So the next day, when David shared with a friend the ridiculous suggestion, he was surprised by his friend’s response: “I think it’s the coolest thing I’ve ever heard.” His friend helped David envision his kids and their friends enjoying the court, especially during visits home from college. David talked to others who’d built in-home sports courts and loved theirs. And when he found out it could double as a pickleball court, a sport David had loved growing up, he was all in and began drafting plans for what’s become known as Three Point Lodge.
“I’m very type A and project driven,” David acknowledges, “so when we decided to build the house, I bought a CAD program and started playing around with it.” He knew the floor plan he wanted for the house and ended up drafting 76 versions until he got it right. The plans included plenty of communal space for entertaining, as well as a large screened porch with an outdoor kitchen and fireplace, five bedrooms—including an impressive master suite and a bunk room—ample bathrooms, a movie theater media room for watching all the games, and of course, the basketball court.
David’s final floor plan isn’t exactly what came to be, but it isn’t far off. “Most clients aren’t architects,” says Parker Platt, “but when people go to the extent that David did, and they really get into it, what it brings to the table is how they think of the relationship of spaces in a house. Our job is to put it together in a way that works.” Among the adjustments, for instance, the bunk room on the lower level had to be sunken into the ground further to attain proper window egress. Some of the locations of the bed and bathrooms shifted and an elevator was added, with David and Rebecca’s aging parents in mind.
“The basketball court was the most interesting challenge of the whole project,” recalls Parker. “How do you build a family house on a golf course that doesn’t look like it swallowed a basketball court?” The answer: they put it under an arched terrace that traces the arch of the three-point line and dropped it a floor into the ground to accommodate the 20-foot ceiling. They enlisted Sport Court Carolina, a company out of Charlotte that the Schoenfelds had encountered during a 2014 Final Four fan day in Atlanta, to do the flooring and finishing.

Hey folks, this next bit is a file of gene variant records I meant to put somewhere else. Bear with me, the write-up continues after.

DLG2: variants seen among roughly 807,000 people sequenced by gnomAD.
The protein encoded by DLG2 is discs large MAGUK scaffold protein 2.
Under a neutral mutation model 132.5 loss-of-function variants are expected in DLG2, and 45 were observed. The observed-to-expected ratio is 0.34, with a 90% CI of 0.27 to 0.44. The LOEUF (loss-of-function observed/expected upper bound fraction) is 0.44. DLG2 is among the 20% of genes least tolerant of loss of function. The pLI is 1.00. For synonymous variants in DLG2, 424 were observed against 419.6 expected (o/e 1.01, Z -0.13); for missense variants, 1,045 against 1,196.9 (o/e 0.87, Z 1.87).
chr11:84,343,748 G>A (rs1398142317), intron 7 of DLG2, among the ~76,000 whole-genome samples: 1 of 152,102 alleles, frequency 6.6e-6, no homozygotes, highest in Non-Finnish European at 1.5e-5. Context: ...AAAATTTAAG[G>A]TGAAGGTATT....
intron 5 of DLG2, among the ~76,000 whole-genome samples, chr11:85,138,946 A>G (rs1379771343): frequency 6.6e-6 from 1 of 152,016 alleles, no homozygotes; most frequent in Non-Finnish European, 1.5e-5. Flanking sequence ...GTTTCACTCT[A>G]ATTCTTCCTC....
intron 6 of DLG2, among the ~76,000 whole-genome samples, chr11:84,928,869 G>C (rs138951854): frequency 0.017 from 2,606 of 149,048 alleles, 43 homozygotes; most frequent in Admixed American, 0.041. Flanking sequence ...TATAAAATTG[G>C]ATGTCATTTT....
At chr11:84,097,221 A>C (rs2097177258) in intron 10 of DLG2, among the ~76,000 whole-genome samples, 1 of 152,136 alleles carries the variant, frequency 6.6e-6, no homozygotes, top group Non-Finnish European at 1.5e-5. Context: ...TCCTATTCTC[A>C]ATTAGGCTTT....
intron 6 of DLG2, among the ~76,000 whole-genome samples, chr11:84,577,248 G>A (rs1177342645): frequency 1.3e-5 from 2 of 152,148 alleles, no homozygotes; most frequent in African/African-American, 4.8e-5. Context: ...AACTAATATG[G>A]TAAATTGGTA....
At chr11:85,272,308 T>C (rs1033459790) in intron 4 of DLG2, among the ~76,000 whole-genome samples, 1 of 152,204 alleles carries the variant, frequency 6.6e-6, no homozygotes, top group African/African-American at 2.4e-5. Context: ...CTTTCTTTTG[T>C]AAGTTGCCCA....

It took Hendersonville-based Glennwood Custom Builders a year and a half to complete construction, and when the Schoenfelds moved in in the spring of 2015, the end result far exceeded the family’s expectations. “To say we love it is not strong enough,” says David. “We feel so lucky and blessed.”
A mix of exposed timber framing and arched ceiling trusses, hardwood flooring throughout, granite fireplaces and countertops, and custom cabinetry and built-ins resulted in the mountain lodge look the Schoenfelds had envisioned. The screened-in alfresco living area, accessed via accordion doors that can seamlessly blend indoors with the outside, is a favorite spot in the home. And the open floor plan that connects the kitchen, dining, and living room, screened porch and sweeping arched terrace is perfect for entertaining, which the family enjoys at every opportunity. The main floor guest bedroom and dreamy master suite occupy a separate and more private area.
On the lower level, two bedrooms and baths at the end of a long hallway offer a quiet escape from the entertainment area, which includes the media room, with plush recliners and a home theater-size screen, a viewing bar area overlooking the basketball court, the bunk room, and another full bath with a steam shower. In the long hallway, spanning the width of the 50-foot ball court that sits one floor below is a trophy case, filled with fun family photos and memorabilia. It was an addition suggested by the architects as a way to break up the unusually long hallway.
Finally, down one more short flight of stairs is the basketball court, which the Platts dubbed Cameron Indoor West as an homage to the Schoenfelds’ Duke roots. Around the perimeter, nearly 90 pennants from many NCAA teams are a testament to the variety of friends and basketball fans who’ve visited. The Schoenfelds encourage their guests to bring a pennant from their alma mater or favorite team to sign and hang on their wall.
Though the Schoenfelds are only semi-retired and still split time between Asheville and their home and practice outside of Atlanta, they say their basketball/pickleball court and entertainment center get plenty of use. They regularly host friends from Atlanta and elsewhere, and now have a gang of neighborhood friends who come for regular pickleball games. As David had hoped, the kids get to enjoy it, too, with their friends during visits home. Suffice to say, the dream retirement home in Asheville that almost wasn’t has been a slam dunk.